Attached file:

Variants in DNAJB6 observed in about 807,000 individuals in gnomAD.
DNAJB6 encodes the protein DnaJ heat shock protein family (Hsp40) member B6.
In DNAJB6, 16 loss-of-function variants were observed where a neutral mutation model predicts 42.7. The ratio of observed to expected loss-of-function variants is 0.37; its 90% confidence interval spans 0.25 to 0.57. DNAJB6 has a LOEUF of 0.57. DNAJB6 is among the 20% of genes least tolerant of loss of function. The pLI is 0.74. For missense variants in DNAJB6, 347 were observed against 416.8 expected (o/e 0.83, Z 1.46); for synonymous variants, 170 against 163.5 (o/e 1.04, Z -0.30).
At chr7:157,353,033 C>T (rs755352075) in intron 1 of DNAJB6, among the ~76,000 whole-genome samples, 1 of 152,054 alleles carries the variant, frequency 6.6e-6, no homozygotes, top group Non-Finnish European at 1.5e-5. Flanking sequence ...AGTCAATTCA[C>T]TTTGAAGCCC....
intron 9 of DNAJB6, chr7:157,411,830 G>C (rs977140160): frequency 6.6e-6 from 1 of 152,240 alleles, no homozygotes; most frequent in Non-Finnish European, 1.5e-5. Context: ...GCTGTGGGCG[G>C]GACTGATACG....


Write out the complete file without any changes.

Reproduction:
Variants in DNAJB6 observed in about 807,000 individuals in gnomAD.
DNAJB6 encodes the protein DnaJ heat shock protein family (Hsp40) member B6.
In DNAJB6, 16 loss-of-function variants were observed where a neutral mutation model predicts 42.7. The ratio of observed to expected loss-of-function variants is 0.37; its 90% confidence interval spans 0.25 to 0.57. DNAJB6 has a LOEUF of 0.57. DNAJB6 is among the 20% of genes least tolerant of loss of function. The pLI is 0.74. For missense variants in DNAJB6, 347 were observed against 416.8 expected (o/e 0.83, Z 1.46); for synonymous variants, 170 against 163.5 (o/e 1.04, Z -0.30).
At chr7:157,353,033 C>T (rs755352075) in intron 1 of DNAJB6, among the ~76,000 whole-genome samples, 1 of 152,054 alleles carries the variant, frequency 6.6e-6, no homozygotes, top group Non-Finnish European at 1.5e-5. Flanking sequence ...AGTCAATTCA[C>T]TTTGAAGCCC....
intron 9 of DNAJB6, chr7:157,411,830 G>C (rs977140160): frequency 6.6e-6 from 1 of 152,240 alleles, no homozygotes; most frequent in Non-Finnish European, 1.5e-5. Context: ...GCTGTGGGCG[G>C]GACTGATACG....